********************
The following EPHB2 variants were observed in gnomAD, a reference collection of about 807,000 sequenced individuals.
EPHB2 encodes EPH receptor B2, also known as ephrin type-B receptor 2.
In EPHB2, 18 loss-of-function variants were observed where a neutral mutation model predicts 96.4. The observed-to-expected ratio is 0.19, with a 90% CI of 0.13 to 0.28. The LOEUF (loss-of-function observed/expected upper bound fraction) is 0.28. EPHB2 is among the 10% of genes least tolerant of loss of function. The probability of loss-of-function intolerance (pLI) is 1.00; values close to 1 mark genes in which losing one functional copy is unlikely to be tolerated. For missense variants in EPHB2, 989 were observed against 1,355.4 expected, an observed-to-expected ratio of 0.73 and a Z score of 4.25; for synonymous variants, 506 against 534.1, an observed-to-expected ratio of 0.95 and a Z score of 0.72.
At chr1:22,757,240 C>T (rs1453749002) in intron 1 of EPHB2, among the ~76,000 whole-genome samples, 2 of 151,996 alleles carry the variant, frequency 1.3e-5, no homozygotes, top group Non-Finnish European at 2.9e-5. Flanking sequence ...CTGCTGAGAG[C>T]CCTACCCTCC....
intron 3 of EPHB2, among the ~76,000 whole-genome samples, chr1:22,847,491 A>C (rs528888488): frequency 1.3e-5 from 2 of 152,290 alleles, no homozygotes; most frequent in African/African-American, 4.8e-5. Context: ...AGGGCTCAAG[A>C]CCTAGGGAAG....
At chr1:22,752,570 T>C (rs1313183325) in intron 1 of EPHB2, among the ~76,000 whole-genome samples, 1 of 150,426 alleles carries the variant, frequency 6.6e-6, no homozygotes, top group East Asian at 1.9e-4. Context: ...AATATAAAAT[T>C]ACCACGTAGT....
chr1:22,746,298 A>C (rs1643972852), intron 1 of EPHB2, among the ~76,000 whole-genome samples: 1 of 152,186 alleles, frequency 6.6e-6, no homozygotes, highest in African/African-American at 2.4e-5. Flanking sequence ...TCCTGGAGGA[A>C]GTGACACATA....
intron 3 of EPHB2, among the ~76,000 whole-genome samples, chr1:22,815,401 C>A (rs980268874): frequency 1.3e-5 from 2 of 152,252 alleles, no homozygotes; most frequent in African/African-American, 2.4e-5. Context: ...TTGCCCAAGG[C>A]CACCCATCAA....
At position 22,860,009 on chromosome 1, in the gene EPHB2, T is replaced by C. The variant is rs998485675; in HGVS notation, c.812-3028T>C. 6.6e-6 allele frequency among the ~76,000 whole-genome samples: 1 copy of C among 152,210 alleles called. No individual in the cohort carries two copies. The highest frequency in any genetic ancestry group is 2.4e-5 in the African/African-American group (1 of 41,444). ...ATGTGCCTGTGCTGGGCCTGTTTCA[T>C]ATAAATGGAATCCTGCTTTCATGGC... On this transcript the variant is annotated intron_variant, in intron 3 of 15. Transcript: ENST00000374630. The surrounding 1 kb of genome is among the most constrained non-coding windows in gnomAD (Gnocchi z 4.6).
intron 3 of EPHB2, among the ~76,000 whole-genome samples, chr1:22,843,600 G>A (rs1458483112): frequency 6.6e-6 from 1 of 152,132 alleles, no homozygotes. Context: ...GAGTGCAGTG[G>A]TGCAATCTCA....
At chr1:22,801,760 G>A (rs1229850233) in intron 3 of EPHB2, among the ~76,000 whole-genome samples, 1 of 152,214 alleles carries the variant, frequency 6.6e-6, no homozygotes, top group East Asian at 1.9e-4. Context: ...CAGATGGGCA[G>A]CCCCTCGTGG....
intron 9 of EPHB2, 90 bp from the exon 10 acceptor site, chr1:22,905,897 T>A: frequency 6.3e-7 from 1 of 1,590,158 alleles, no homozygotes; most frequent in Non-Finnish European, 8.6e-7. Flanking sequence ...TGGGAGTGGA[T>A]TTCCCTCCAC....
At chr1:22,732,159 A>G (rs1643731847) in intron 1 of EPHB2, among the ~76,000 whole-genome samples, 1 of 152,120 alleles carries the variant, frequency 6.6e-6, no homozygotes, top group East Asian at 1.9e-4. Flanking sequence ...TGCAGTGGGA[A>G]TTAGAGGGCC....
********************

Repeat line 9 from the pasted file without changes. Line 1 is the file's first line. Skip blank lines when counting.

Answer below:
At position 22,860,009 on chromosome 1, in the gene EPHB2, T is replaced by C. The variant is rs998485675; in HGVS notation, c.812-3028T>C. 6.6e-6 allele frequency among the ~76,000 whole-genome samples: 1 copy of C among 152,210 alleles called. No individual in the cohort carries two copies. The highest frequency in any genetic ancestry group is 2.4e-5 in the African/African-American group (1 of 41,444). ...ATGTGCCTGTGCTGGGCCTGTTTCA[T>C]ATAAATGGAATCCTGCTTTCATGGC... On this transcript the variant is annotated intron_variant, in intron 3 of 15. Transcript: ENST00000374630. The surrounding 1 kb of genome is among the most constrained non-coding windows in gnomAD (Gnocchi z 4.6).